Re: [atlas_craftsman] Re: Update on the lathe 109
- On Jun 1, 2010, at 12:22 AM, Dean wrote:
> --- In email@example.com, Scott Henion <shenion@...>Dean, thank you for stepping in before I could.
>> On 5/31/2010 11:40 PM, jerdal@... wrote:
>>> IMO the article is of little practical use......... but then IMO
>>> the 109 is
>>> of little practical use (I had one once), so.......
>> Yes, same here. IMO, one of the sloppiest lathes out there.
> Meh. Anyone can get good work out of larger lathes.
> So the 109 is a small one, and a bit of a challenge. It'll turn you
> into a machinist. Teach you things. Make you listen to it.
> If it's what a guy's got, he can get some stuff done, if he's
> Original poster; I still don't know what info you're looking for in
> the update article you mention, but there are some things you can do
> to help the lathe do a good job for you. Go to my webpage and scroll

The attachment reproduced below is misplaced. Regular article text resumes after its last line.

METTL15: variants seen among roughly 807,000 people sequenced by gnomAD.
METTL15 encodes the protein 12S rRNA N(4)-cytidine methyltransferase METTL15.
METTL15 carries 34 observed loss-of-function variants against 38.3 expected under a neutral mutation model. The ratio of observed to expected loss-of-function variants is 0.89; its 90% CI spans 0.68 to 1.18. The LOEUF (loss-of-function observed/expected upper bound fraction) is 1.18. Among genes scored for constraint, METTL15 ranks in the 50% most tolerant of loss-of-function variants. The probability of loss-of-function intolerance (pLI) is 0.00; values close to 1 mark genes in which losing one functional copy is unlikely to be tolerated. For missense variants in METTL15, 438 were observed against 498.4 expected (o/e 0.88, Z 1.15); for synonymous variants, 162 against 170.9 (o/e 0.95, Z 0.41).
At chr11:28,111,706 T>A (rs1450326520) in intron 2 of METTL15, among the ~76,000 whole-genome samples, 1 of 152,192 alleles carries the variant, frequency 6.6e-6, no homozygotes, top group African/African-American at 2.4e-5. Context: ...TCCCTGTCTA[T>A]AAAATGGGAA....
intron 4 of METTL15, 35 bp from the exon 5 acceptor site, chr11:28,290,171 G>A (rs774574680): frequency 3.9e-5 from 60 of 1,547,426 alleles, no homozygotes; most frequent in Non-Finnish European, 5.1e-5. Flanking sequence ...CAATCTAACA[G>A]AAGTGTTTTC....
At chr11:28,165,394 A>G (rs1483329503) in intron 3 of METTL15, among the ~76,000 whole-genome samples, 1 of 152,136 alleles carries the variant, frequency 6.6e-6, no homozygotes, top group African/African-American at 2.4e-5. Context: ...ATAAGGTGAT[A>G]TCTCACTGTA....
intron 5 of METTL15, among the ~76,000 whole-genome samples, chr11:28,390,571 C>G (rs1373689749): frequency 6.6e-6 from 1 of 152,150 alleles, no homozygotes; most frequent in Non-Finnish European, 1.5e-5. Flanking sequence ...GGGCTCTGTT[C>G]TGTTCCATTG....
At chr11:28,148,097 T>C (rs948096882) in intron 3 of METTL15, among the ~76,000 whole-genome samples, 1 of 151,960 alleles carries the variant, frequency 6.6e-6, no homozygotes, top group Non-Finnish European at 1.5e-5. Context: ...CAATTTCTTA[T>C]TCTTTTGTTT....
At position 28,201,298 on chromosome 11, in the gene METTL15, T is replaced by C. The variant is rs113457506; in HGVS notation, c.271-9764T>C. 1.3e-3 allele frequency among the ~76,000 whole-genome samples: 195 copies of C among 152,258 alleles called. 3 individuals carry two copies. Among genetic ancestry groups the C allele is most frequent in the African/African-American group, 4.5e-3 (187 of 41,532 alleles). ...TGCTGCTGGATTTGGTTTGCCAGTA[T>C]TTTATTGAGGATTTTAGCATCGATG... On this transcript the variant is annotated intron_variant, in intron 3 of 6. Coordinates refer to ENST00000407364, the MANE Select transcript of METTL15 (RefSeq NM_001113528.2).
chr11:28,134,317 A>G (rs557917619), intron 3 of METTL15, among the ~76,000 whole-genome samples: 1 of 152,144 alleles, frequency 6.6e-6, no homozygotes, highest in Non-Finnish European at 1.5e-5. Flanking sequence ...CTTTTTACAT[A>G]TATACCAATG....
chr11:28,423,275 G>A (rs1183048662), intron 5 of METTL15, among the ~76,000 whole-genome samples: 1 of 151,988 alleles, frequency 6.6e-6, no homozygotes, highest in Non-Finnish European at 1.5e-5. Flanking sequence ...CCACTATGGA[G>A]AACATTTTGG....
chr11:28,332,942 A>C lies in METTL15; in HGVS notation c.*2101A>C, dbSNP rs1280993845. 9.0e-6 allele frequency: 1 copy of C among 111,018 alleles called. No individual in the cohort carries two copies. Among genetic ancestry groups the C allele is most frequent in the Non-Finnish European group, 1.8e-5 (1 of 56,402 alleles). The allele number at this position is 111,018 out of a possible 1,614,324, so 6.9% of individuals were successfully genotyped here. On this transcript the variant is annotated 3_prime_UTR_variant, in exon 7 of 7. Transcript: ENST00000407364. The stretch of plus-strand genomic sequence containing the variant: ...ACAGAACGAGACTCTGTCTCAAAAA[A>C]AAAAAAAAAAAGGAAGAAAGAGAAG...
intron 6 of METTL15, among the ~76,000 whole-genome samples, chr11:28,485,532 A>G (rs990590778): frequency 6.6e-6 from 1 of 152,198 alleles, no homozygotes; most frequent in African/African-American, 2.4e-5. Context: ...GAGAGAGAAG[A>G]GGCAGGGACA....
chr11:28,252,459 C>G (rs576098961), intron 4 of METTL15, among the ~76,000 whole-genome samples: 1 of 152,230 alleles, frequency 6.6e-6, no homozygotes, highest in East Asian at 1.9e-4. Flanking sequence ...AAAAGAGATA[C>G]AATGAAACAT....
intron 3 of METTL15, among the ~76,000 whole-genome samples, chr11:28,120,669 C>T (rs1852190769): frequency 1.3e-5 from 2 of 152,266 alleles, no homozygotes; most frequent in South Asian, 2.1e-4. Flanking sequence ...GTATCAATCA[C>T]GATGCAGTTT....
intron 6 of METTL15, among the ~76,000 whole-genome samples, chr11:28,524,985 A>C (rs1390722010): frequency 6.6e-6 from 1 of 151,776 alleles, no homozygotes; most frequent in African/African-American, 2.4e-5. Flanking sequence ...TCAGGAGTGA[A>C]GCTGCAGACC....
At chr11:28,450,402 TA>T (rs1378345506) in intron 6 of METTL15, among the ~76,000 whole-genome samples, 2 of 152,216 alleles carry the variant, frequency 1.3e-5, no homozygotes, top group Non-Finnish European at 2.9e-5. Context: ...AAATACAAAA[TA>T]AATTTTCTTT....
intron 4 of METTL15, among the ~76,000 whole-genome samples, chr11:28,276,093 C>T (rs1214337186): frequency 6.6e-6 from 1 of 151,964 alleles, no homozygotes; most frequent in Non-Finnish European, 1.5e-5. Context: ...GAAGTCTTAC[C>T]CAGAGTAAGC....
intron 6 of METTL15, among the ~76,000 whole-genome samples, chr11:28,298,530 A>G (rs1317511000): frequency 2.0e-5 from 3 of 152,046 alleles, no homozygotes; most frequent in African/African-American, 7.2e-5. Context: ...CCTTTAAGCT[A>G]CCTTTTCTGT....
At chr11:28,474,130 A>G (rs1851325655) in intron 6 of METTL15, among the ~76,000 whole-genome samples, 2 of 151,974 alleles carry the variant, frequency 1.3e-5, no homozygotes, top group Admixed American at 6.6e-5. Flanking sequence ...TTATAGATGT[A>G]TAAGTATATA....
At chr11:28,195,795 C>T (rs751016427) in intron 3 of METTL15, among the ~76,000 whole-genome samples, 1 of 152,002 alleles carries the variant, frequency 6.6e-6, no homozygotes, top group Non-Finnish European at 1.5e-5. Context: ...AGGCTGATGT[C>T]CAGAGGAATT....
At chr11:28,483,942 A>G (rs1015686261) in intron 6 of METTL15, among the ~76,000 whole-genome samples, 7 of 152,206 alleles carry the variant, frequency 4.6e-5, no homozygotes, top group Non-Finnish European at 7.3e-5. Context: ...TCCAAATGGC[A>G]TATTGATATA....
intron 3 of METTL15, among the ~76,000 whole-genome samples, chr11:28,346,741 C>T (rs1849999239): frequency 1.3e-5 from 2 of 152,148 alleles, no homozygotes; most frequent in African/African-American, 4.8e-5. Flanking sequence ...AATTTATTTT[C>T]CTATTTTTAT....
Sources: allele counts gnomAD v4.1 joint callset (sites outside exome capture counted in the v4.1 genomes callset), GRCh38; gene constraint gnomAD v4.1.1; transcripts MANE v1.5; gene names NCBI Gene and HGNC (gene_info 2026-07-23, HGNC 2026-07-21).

> down to the Craftsman 109 section, right beneath the Atlas section:
> Good luck, and have some fun with it.
Yup the 109 is a limited machine with a few issues that need to be
However, to simply dismiss the thing is truly uncalled for.
I am among the few folks who seem to like the old 109 series machines.
With some effort they can be made to do good work. The main
consideration to keep in mind is that the machine is a light one. Make
the improvements mentioned in the the "aa docs" file and elsewhere and
you can make good parts with a 109.
OP... Many of the things you were asking about are covered in the AA
docs files found in the 109 files for this group.
Now go make some chips.
- Those defending the 109......................whatever.....